The Scoop on Drug Shortages

Jan 01, 2013

A new feature on the pharma landscape is the shortfall in the supply of many medicines essential to the treatment of major health disorders, including cancer, heart disease, and stroke. The problem has festered largely undetected for years, but is gaining fresh momentum as a consequence of medical need, globalization, changes to manufacturing practice, and the exit of some companies from certain low margin segments of the business. Price controls have even been cited by some analysts as a driver behind the interruption of many maintenance therapies needed to help patients keep their conditions under control. To help readers separate truth from fiction, Pharm Exec asked the Tufts Center for the Study of Drug Development (TCSDD) to summarize new survey research—partly commissioned by a grant from Amgen—that documents the scope of the threat and identifies the structural roots of the shortages. In a larger sense, the study underscores how effective management of the drug supply chain is emerging as something much more than an engineering feat: instead it's a societal obligation, one that the industry is going to be measured on in return for that all-important license to operate. This is particularly evident for the generics side of the business, which accounts for the majority of drug shortages tallied to date. —William Looney, Editor-in-Chief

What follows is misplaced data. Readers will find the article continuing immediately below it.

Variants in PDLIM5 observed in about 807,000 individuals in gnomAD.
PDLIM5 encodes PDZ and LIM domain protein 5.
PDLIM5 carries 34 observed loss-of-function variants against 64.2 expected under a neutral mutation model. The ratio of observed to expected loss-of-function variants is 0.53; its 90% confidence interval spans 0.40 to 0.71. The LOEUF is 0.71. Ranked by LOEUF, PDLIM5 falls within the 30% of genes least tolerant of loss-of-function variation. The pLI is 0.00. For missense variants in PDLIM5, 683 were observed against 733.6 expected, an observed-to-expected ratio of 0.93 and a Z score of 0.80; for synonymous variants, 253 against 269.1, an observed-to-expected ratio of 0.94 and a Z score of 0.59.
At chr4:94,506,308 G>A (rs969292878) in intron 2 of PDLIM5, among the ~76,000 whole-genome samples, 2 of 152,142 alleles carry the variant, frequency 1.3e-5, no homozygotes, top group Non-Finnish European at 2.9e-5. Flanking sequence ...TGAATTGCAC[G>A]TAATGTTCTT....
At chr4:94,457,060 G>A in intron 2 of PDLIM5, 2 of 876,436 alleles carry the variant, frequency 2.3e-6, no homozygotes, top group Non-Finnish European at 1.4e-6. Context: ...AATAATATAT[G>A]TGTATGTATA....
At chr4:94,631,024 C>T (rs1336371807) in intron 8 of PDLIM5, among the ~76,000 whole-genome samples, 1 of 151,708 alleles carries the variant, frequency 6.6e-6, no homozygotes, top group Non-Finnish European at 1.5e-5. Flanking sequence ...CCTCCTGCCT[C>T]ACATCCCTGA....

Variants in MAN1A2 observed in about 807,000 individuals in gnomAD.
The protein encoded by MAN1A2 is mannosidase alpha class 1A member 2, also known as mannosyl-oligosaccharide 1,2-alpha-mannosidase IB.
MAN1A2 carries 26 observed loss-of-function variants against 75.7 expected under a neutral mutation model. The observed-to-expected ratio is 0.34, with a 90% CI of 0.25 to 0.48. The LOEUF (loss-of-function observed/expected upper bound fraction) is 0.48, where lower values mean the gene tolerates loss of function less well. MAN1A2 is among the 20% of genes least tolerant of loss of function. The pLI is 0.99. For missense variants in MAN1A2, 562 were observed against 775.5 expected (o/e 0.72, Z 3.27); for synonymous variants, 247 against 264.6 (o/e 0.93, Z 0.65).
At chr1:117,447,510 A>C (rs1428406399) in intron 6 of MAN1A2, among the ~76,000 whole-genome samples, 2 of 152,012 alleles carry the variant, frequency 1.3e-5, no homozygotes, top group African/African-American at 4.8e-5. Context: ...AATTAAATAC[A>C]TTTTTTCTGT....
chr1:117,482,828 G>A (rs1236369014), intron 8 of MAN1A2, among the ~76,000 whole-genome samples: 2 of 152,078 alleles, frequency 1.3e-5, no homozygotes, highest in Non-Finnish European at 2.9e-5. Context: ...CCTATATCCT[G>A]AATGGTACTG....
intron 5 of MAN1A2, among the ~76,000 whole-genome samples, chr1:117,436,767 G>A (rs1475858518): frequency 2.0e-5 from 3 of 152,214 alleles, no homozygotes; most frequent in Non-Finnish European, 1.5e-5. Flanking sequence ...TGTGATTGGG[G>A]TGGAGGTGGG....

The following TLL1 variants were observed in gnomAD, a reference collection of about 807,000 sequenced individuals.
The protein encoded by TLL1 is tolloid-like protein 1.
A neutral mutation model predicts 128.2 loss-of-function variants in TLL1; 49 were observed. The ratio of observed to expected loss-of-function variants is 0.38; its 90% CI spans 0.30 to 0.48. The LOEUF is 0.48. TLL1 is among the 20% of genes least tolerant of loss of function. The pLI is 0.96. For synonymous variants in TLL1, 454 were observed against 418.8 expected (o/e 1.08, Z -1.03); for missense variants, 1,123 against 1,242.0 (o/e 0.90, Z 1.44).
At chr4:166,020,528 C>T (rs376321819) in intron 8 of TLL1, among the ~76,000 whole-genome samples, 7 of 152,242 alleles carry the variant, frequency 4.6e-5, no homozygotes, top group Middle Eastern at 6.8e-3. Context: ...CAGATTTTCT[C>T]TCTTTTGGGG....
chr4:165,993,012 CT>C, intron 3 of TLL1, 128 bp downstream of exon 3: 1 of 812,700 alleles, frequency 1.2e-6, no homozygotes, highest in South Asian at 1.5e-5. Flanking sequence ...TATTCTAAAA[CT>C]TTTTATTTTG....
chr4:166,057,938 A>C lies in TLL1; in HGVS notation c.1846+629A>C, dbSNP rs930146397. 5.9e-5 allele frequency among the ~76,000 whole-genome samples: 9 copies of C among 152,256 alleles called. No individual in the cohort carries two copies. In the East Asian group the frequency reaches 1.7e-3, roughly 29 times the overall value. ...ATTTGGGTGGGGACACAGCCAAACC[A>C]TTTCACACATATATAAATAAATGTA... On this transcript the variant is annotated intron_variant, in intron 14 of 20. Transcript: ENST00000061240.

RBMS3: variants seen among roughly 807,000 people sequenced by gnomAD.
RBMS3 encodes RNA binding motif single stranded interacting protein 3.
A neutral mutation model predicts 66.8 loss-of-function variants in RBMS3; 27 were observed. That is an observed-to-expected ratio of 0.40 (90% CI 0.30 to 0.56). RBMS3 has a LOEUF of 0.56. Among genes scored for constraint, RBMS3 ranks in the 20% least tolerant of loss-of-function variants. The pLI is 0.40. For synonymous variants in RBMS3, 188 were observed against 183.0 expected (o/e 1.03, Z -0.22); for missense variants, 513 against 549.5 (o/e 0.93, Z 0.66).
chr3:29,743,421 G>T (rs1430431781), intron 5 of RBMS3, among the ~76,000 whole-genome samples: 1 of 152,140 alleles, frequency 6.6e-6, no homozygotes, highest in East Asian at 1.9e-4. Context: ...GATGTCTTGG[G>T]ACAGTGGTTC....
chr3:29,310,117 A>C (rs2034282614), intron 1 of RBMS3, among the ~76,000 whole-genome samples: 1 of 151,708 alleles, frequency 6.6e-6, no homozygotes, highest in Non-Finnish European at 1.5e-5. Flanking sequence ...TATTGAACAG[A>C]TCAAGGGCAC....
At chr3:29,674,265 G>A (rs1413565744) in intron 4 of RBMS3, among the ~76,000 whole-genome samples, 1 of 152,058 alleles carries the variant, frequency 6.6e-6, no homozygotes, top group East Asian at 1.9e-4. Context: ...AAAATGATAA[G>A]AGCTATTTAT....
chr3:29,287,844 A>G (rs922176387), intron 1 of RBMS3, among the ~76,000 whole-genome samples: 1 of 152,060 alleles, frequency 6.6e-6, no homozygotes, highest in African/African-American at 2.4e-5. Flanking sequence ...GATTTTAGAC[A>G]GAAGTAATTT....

Drug shortages are a global challenge, not only for treatments in oncology but also anti-infectives and drugs that treat the central nervous system and cardiovascular diseases. Of particular note is the shortage of sterile injectable drugs used to treat cancer-related illnesses, anesthetics for surgery, emergency medical interventions, and electrolytes for intravenous feeding. The numbers behind the story are significant: drug shortages in the United States alone tripled in the brief five-year period between 2005 and 2010.

Although the latest reports by the Food and Drug Administration (FDA) have indicated fewer drug shortages in 2012 compared to 2011, there is nevertheless a tremendous residual effect on stakeholders in the supply chain and, more importantly, on patients. The FDA and other government and regulatory agencies worldwide are focusing on resolving drug shortages. Our research seeks to analyze the characteristics of drug shortages and their impact, with the ultimate aim of assisting regulators and other stakeholders to resolve the problem.

Study protocol

Tufts CSDD developed a two-part methodology that entailed building a database of current drug shortages and conducting interviews with experienced hospital pharmacists to gather firsthand knowledge of how drug shortages are managed and the challenges that they pose. Tufts CSDD staff gathered publicly available data on 240 drug shortages occurring between 2001 and February 2012, from lists maintained by the American Society of Health-System Pharmacists (ASHP) and the FDA. Data on therapeutic area, drug classification, molecule type, disease state, and the overall duration of the shortage for each drug was collected and analyzed. Tufts CSDD research staff coded the root cause of each drug shortage and summarized these causes by major grouping. Drug shortages that were resolved during this study were also included and reviewed for insights. We examined primary and secondary sources of research on this topic to provide context and clarification into the data collection process. Lastly, we assessed the economic cost and effects of drug shortages through interviews with hospital pharmacists.

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